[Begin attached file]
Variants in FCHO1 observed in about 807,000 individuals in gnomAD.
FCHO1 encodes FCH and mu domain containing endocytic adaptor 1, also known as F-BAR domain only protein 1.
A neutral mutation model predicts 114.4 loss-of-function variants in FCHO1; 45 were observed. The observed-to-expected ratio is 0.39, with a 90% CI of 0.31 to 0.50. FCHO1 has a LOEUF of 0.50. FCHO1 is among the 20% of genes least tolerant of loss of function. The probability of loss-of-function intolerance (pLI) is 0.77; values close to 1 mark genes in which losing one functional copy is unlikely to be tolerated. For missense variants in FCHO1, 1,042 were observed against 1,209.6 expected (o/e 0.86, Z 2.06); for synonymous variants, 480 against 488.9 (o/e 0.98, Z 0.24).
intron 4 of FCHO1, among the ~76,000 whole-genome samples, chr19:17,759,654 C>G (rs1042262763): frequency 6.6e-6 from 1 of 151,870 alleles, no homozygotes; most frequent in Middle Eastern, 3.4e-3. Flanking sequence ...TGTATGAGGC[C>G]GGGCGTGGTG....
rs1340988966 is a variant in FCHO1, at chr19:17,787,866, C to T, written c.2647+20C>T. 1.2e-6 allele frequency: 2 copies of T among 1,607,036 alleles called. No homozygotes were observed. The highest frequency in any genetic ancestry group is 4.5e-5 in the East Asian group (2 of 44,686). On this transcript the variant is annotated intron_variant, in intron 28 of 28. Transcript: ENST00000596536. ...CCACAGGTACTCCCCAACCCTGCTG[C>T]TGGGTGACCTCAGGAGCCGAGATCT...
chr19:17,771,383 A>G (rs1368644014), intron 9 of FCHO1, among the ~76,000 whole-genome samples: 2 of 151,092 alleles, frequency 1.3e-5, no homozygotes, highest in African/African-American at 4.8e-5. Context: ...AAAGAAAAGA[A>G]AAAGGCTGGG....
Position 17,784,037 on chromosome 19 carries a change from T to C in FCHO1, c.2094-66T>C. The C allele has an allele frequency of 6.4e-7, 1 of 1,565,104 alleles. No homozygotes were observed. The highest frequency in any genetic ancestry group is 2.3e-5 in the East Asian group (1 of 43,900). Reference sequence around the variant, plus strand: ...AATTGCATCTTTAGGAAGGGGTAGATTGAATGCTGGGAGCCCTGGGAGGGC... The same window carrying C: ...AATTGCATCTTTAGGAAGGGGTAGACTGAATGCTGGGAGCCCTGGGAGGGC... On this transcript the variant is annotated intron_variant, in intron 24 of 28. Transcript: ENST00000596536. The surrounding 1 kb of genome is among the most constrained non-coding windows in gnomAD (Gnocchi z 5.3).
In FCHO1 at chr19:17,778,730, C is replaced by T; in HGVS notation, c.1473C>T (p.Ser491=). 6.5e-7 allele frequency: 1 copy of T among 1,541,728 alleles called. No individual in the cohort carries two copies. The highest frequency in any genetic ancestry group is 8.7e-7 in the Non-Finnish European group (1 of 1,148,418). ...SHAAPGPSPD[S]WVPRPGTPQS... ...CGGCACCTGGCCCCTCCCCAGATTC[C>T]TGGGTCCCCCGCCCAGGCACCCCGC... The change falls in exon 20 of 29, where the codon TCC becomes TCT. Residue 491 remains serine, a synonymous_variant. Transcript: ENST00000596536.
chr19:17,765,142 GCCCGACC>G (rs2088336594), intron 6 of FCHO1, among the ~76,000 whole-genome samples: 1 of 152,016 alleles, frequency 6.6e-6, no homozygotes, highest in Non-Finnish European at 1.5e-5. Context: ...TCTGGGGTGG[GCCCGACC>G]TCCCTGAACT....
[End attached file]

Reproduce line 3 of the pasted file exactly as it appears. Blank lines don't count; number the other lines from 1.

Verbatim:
A neutral mutation model predicts 114.4 loss-of-function variants in FCHO1; 45 were observed. The observed-to-expected ratio is 0.39, with a 90% CI of 0.31 to 0.50. FCHO1 has a LOEUF of 0.50. FCHO1 is among the 20% of genes least tolerant of loss of function. The probability of loss-of-function intolerance (pLI) is 0.77; values close to 1 mark genes in which losing one functional copy is unlikely to be tolerated. For missense variants in FCHO1, 1,042 were observed against 1,209.6 expected (o/e 0.86, Z 2.06); for synonymous variants, 480 against 488.9 (o/e 0.98, Z 0.24).